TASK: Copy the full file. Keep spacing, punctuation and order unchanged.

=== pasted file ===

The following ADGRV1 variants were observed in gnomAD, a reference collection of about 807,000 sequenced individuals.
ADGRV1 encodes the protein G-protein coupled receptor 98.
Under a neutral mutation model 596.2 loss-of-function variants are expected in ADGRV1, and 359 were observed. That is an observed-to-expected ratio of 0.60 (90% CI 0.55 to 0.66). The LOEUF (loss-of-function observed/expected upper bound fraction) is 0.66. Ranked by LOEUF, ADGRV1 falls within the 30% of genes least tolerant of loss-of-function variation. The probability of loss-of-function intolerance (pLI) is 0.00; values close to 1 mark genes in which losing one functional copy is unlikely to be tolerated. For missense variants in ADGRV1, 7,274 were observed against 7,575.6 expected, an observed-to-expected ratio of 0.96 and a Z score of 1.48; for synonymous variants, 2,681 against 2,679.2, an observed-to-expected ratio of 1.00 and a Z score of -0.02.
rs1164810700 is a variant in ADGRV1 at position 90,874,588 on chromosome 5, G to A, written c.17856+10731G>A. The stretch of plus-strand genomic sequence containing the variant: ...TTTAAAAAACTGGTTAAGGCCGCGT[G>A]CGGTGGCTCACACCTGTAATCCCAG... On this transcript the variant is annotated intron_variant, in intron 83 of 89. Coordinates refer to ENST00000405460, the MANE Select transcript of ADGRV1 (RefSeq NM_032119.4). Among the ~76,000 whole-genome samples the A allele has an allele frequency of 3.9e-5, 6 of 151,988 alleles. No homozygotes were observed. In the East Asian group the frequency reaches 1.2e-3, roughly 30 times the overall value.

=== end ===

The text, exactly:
The following ADGRV1 variants were observed in gnomAD, a reference collection of about 807,000 sequenced individuals.
ADGRV1 encodes the protein G-protein coupled receptor 98.
Under a neutral mutation model 596.2 loss-of-function variants are expected in ADGRV1, and 359 were observed. That is an observed-to-expected ratio of 0.60 (90% CI 0.55 to 0.66). The LOEUF (loss-of-function observed/expected upper bound fraction) is 0.66. Ranked by LOEUF, ADGRV1 falls within the 30% of genes least tolerant of loss-of-function variation. The probability of loss-of-function intolerance (pLI) is 0.00; values close to 1 mark genes in which losing one functional copy is unlikely to be tolerated. For missense variants in ADGRV1, 7,274 were observed against 7,575.6 expected, an observed-to-expected ratio of 0.96 and a Z score of 1.48; for synonymous variants, 2,681 against 2,679.2, an observed-to-expected ratio of 1.00 and a Z score of -0.02.
rs1164810700 is a variant in ADGRV1 at position 90,874,588 on chromosome 5, G to A, written c.17856+10731G>A. The stretch of plus-strand genomic sequence containing the variant: ...TTTAAAAAACTGGTTAAGGCCGCGT[G>A]CGGTGGCTCACACCTGTAATCCCAG... On this transcript the variant is annotated intron_variant, in intron 83 of 89. Coordinates refer to ENST00000405460, the MANE Select transcript of ADGRV1 (RefSeq NM_032119.4). Among the ~76,000 whole-genome samples the A allele has an allele frequency of 3.9e-5, 6 of 151,988 alleles. No homozygotes were observed. In the East Asian group the frequency reaches 1.2e-3, roughly 30 times the overall value.